For everything there is a season, and a time for every matter under heaven:
a time to be born, and a time to die;
a time to plant, a time to pluck up what is planted;
a time to kill, and a time to heal;
a time to break down, and a time to build up;
a time to weep, and a time to laugh;
a time to mourn, and a time to dance;
a time to cast away stones, and a time to gather stones together;
a time to embrace, and a time to refrain from embracing;
a time to get, and a time to lose;
a time to keep, and a time to cast away;
a time to tear, and a time to sow;
a time to keep silence, and a time to speak;
a time to love, and a time to hate;
a time of war, and a time of peace.
One of the best parts of fall is having something to blame depression on. During the summer it’s the worst, you have no excuse for feeling bad. There’s almost 20 hours of sunlight a day and the weather’s terrific. This means guilt and even more depression. Not so with autumn. As the leaves fall, it’s our duty to feel depressed; it’s a time to reflect on the past year, the passing years, and the melancholy truth that everything green loses its color. It’s great.
When I’m depressed it’s really hard to do anything. Or maybe, when I can’t do anything I become depressed. Either way, depression’s marked by dormancy. One of the best remedies I had this summer was my garden. I have a 4’x8′ plot in a community garden across the street from my apartment, where I grow herbs. On afternoons when I didn’t know what to do with myself, when idea after idea proposed to myself was shot down by myself, when I despaired that the end of day was coming and I was doing nothing worthwhile, I would realize that my plants could use watering, and do that.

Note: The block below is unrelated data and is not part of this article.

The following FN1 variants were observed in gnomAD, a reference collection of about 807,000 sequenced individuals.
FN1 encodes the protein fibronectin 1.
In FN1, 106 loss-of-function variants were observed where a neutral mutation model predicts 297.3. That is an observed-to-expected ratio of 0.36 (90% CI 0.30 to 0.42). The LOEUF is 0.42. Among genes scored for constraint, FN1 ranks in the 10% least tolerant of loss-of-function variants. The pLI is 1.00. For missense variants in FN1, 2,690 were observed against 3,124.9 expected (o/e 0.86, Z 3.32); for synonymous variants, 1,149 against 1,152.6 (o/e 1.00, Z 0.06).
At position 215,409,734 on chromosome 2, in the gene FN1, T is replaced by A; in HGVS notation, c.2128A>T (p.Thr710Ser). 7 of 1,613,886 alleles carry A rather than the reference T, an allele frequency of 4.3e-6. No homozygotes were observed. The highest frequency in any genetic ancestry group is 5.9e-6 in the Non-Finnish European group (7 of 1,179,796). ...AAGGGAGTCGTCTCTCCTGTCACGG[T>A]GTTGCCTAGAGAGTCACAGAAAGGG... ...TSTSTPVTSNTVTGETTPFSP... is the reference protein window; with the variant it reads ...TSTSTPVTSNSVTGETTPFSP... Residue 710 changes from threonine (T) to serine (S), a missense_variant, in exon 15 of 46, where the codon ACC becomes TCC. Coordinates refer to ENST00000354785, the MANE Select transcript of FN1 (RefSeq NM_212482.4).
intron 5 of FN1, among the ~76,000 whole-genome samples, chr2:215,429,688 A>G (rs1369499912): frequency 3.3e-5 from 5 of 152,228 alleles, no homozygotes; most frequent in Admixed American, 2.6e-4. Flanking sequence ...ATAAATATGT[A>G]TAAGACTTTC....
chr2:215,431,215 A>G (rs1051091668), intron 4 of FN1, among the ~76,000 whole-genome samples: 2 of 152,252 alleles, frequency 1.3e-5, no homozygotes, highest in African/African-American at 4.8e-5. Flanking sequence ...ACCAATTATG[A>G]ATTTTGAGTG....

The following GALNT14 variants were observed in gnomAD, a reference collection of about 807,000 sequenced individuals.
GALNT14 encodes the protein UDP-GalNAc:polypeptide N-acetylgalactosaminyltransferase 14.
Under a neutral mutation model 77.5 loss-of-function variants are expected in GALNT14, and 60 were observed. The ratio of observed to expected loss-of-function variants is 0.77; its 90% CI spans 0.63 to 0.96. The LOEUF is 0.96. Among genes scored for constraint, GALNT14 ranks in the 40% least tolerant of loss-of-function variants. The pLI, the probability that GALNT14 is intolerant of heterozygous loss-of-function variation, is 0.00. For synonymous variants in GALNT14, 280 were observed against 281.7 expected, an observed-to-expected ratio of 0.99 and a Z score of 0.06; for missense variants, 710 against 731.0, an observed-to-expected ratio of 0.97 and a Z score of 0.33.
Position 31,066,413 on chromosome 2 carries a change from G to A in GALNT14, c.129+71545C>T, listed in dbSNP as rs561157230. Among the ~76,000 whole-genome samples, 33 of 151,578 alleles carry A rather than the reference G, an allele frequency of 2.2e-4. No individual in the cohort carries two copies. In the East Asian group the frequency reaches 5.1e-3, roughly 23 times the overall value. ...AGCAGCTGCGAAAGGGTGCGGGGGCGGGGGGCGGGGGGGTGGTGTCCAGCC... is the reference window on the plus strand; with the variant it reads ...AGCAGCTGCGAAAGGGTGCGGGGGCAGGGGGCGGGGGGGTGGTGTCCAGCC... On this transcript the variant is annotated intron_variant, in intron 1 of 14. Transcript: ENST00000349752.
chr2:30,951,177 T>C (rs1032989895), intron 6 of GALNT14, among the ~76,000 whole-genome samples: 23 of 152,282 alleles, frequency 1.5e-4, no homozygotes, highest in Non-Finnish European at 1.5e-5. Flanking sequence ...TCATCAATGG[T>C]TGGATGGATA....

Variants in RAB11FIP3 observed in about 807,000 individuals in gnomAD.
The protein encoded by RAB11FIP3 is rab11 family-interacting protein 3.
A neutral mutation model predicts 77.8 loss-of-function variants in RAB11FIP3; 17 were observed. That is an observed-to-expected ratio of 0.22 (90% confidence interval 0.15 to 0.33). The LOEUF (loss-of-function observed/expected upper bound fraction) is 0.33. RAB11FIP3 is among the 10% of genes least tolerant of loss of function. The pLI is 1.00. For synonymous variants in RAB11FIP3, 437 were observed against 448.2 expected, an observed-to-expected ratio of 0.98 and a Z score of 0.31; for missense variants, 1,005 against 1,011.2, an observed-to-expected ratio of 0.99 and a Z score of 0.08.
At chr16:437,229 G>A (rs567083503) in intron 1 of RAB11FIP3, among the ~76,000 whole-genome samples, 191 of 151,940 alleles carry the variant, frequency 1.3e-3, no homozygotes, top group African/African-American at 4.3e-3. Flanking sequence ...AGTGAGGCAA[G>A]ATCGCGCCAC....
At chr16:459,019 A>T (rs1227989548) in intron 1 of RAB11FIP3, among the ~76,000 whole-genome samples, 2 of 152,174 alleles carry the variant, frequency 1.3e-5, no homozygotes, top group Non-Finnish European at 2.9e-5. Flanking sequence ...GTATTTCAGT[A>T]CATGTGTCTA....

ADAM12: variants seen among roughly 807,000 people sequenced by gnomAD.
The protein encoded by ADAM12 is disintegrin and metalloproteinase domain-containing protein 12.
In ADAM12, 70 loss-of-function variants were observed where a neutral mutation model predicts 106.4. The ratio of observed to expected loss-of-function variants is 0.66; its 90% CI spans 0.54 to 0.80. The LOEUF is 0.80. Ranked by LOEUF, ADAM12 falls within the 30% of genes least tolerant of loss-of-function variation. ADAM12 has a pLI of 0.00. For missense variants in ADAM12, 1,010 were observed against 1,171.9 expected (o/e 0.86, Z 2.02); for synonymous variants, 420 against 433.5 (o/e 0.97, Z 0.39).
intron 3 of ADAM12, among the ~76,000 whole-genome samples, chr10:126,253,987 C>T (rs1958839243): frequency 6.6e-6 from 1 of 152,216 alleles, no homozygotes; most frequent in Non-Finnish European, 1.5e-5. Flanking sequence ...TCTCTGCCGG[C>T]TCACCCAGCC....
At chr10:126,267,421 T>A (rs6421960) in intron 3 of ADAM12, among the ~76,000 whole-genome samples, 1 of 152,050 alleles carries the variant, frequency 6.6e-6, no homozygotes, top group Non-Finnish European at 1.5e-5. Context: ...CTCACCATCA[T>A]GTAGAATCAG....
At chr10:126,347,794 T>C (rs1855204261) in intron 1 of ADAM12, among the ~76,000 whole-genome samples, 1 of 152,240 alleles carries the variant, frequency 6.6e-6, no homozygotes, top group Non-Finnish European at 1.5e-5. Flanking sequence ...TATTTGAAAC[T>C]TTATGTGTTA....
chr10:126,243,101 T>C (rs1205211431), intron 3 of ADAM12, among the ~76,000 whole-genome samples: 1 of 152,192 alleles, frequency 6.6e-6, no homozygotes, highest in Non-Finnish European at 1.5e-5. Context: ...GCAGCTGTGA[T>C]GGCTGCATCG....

It helped. It’s hard to be depressed when you’re taking care of something. Especially when that something grows before your eyes, is unable to criticize you, and tastes delicious. My herbs, though, were really taking care of me. They didn’t need to be pruned, weeded, and watered that often. They’d be fine left alone. But by doing these things I occupied myself for about thirty minutes, just long enough to snap out of my funk and make use of the rest of my day, my beautiful summer day.
The other sweet thing about having a plot at a community garden is the people walking past. My neighbors remember the property used to be vacant land filled with hunks of broken brick, glass, and abandoned appliances. Now it’s neatly lined with three dozen garden plots just like mine. When they see you bending over eating a sprig of basil they smile because the entire scene is different than the dilapidated norm and you smile back and you say Hi to each other; they ask what you’re growing and you give them a piece of basil to munch on too, and now you’re not alone in your over-heated apartment over-thinking life, but outside interacting with other people and the depression’s gone— for today. But that’s all that matters.